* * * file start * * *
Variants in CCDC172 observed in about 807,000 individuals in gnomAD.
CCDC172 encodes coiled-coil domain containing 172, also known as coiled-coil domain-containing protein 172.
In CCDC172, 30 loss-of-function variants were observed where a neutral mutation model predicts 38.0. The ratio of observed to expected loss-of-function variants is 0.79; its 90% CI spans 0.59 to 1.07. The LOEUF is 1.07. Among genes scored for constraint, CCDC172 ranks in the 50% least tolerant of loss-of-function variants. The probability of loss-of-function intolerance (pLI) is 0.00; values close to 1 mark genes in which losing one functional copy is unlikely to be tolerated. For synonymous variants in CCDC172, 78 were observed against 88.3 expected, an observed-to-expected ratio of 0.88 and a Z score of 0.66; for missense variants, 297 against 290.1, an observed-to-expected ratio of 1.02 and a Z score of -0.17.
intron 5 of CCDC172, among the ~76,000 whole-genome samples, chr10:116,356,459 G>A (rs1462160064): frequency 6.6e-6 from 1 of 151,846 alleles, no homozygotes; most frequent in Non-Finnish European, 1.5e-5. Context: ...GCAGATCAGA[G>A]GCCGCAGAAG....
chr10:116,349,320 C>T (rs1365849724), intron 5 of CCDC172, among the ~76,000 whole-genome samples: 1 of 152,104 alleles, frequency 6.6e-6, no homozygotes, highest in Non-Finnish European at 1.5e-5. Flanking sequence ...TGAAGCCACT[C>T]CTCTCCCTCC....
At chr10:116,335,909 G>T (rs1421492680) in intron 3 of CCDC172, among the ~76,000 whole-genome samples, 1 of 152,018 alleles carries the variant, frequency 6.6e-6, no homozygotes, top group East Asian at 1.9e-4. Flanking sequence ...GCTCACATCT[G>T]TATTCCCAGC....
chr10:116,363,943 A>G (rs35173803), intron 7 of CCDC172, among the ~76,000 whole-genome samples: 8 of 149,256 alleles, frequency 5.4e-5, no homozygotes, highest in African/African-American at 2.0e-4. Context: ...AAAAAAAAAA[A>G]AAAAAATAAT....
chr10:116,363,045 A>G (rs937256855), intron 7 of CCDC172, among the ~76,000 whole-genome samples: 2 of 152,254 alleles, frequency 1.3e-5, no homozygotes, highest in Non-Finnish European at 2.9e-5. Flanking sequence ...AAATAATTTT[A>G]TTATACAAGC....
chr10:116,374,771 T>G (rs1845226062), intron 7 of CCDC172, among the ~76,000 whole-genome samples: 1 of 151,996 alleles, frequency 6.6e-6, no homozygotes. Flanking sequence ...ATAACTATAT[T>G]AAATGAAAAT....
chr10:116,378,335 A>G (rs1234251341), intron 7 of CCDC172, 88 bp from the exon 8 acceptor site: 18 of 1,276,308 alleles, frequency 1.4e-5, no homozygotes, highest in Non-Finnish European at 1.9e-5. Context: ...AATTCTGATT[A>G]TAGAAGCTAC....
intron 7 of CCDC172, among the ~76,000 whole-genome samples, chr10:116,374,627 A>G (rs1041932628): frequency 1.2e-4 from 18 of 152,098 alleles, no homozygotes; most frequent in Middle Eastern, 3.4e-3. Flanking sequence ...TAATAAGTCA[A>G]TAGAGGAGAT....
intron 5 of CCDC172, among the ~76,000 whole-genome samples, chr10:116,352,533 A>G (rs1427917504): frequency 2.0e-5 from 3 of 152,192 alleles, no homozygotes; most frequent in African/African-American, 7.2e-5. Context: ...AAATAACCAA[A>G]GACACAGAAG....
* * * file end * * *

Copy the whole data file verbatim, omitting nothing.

Variants in CCDC172 observed in about 807,000 individuals in gnomAD.
CCDC172 encodes coiled-coil domain containing 172, also known as coiled-coil domain-containing protein 172.
In CCDC172, 30 loss-of-function variants were observed where a neutral mutation model predicts 38.0. The ratio of observed to expected loss-of-function variants is 0.79; its 90% CI spans 0.59 to 1.07. The LOEUF is 1.07. Among genes scored for constraint, CCDC172 ranks in the 50% least tolerant of loss-of-function variants. The probability of loss-of-function intolerance (pLI) is 0.00; values close to 1 mark genes in which losing one functional copy is unlikely to be tolerated. For synonymous variants in CCDC172, 78 were observed against 88.3 expected, an observed-to-expected ratio of 0.88 and a Z score of 0.66; for missense variants, 297 against 290.1, an observed-to-expected ratio of 1.02 and a Z score of -0.17.
intron 5 of CCDC172, among the ~76,000 whole-genome samples, chr10:116,356,459 G>A (rs1462160064): frequency 6.6e-6 from 1 of 151,846 alleles, no homozygotes; most frequent in Non-Finnish European, 1.5e-5. Context: ...GCAGATCAGA[G>A]GCCGCAGAAG....
chr10:116,349,320 C>T (rs1365849724), intron 5 of CCDC172, among the ~76,000 whole-genome samples: 1 of 152,104 alleles, frequency 6.6e-6, no homozygotes, highest in Non-Finnish European at 1.5e-5. Flanking sequence ...TGAAGCCACT[C>T]CTCTCCCTCC....
At chr10:116,335,909 G>T (rs1421492680) in intron 3 of CCDC172, among the ~76,000 whole-genome samples, 1 of 152,018 alleles carries the variant, frequency 6.6e-6, no homozygotes, top group East Asian at 1.9e-4. Flanking sequence ...GCTCACATCT[G>T]TATTCCCAGC....
chr10:116,363,943 A>G (rs35173803), intron 7 of CCDC172, among the ~76,000 whole-genome samples: 8 of 149,256 alleles, frequency 5.4e-5, no homozygotes, highest in African/African-American at 2.0e-4. Context: ...AAAAAAAAAA[A>G]AAAAAATAAT....
chr10:116,363,045 A>G (rs937256855), intron 7 of CCDC172, among the ~76,000 whole-genome samples: 2 of 152,254 alleles, frequency 1.3e-5, no homozygotes, highest in Non-Finnish European at 2.9e-5. Flanking sequence ...AAATAATTTT[A>G]TTATACAAGC....
chr10:116,374,771 T>G (rs1845226062), intron 7 of CCDC172, among the ~76,000 whole-genome samples: 1 of 151,996 alleles, frequency 6.6e-6, no homozygotes. Flanking sequence ...ATAACTATAT[T>G]AAATGAAAAT....
chr10:116,378,335 A>G (rs1234251341), intron 7 of CCDC172, 88 bp from the exon 8 acceptor site: 18 of 1,276,308 alleles, frequency 1.4e-5, no homozygotes, highest in Non-Finnish European at 1.9e-5. Context: ...AATTCTGATT[A>G]TAGAAGCTAC....
intron 7 of CCDC172, among the ~76,000 whole-genome samples, chr10:116,374,627 A>G (rs1041932628): frequency 1.2e-4 from 18 of 152,098 alleles, no homozygotes; most frequent in Middle Eastern, 3.4e-3. Flanking sequence ...TAATAAGTCA[A>G]TAGAGGAGAT....
intron 5 of CCDC172, among the ~76,000 whole-genome samples, chr10:116,352,533 A>G (rs1427917504): frequency 2.0e-5 from 3 of 152,192 alleles, no homozygotes; most frequent in African/African-American, 7.2e-5. Context: ...AAATAACCAA[A>G]GACACAGAAG....